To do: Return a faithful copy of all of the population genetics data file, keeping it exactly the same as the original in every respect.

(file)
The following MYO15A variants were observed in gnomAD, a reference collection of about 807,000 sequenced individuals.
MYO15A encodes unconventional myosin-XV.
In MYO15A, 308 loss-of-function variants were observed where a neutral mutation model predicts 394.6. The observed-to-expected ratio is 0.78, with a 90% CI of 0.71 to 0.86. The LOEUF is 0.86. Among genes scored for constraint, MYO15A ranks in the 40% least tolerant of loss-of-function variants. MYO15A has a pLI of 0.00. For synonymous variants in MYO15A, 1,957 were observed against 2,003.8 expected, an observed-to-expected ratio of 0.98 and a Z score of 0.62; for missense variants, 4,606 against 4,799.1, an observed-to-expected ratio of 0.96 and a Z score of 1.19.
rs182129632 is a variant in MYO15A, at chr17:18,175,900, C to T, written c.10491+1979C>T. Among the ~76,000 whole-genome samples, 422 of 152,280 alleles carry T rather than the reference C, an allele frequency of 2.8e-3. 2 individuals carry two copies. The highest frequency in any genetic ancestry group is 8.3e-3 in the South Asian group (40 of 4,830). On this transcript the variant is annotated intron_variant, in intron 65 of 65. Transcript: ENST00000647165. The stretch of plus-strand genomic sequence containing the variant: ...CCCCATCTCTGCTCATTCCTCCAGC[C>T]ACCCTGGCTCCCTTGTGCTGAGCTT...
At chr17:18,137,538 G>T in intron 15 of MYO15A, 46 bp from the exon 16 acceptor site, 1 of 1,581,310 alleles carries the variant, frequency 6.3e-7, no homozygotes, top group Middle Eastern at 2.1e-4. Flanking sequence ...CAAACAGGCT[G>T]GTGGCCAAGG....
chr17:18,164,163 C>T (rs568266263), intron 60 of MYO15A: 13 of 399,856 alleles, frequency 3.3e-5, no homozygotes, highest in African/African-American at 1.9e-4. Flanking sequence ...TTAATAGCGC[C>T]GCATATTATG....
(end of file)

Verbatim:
The following MYO15A variants were observed in gnomAD, a reference collection of about 807,000 sequenced individuals.
MYO15A encodes unconventional myosin-XV.
In MYO15A, 308 loss-of-function variants were observed where a neutral mutation model predicts 394.6. The observed-to-expected ratio is 0.78, with a 90% CI of 0.71 to 0.86. The LOEUF is 0.86. Among genes scored for constraint, MYO15A ranks in the 40% least tolerant of loss-of-function variants. MYO15A has a pLI of 0.00. For synonymous variants in MYO15A, 1,957 were observed against 2,003.8 expected, an observed-to-expected ratio of 0.98 and a Z score of 0.62; for missense variants, 4,606 against 4,799.1, an observed-to-expected ratio of 0.96 and a Z score of 1.19.
rs182129632 is a variant in MYO15A, at chr17:18,175,900, C to T, written c.10491+1979C>T. Among the ~76,000 whole-genome samples, 422 of 152,280 alleles carry T rather than the reference C, an allele frequency of 2.8e-3. 2 individuals carry two copies. The highest frequency in any genetic ancestry group is 8.3e-3 in the South Asian group (40 of 4,830). On this transcript the variant is annotated intron_variant, in intron 65 of 65. Transcript: ENST00000647165. The stretch of plus-strand genomic sequence containing the variant: ...CCCCATCTCTGCTCATTCCTCCAGC[C>T]ACCCTGGCTCCCTTGTGCTGAGCTT...
At chr17:18,137,538 G>T in intron 15 of MYO15A, 46 bp from the exon 16 acceptor site, 1 of 1,581,310 alleles carries the variant, frequency 6.3e-7, no homozygotes, top group Middle Eastern at 2.1e-4. Flanking sequence ...CAAACAGGCT[G>T]GTGGCCAAGG....
chr17:18,164,163 C>T (rs568266263), intron 60 of MYO15A: 13 of 399,856 alleles, frequency 3.3e-5, no homozygotes, highest in African/African-American at 1.9e-4. Flanking sequence ...TTAATAGCGC[C>T]GCATATTATG....